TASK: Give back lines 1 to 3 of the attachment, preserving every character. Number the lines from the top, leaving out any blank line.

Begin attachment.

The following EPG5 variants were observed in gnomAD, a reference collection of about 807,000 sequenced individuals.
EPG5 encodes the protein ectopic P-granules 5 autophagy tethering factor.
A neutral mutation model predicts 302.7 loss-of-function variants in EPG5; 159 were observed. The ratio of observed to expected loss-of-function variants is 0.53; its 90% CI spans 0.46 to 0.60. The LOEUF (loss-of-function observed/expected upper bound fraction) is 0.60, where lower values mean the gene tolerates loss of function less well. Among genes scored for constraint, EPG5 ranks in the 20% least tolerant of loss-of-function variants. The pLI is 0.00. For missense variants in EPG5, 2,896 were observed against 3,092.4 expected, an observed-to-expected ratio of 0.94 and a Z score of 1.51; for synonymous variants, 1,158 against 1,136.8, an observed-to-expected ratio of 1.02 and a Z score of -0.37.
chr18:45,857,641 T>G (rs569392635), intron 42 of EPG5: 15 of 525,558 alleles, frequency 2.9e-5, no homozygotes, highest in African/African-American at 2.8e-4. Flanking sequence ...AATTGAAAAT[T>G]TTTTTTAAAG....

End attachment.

The following EPG5 variants were observed in gnomAD, a reference collection of about 807,000 sequenced individuals.
EPG5 encodes the protein ectopic P-granules 5 autophagy tethering factor.
A neutral mutation model predicts 302.7 loss-of-function variants in EPG5; 159 were observed. The ratio of observed to expected loss-of-function variants is 0.53; its 90% CI spans 0.46 to 0.60. The LOEUF (loss-of-function observed/expected upper bound fraction) is 0.60, where lower values mean the gene tolerates loss of function less well. Among genes scored for constraint, EPG5 ranks in the 20% least tolerant of loss-of-function variants. The pLI is 0.00. For missense variants in EPG5, 2,896 were observed against 3,092.4 expected, an observed-to-expected ratio of 0.94 and a Z score of 1.51; for synonymous variants, 1,158 against 1,136.8, an observed-to-expected ratio of 1.02 and a Z score of -0.37.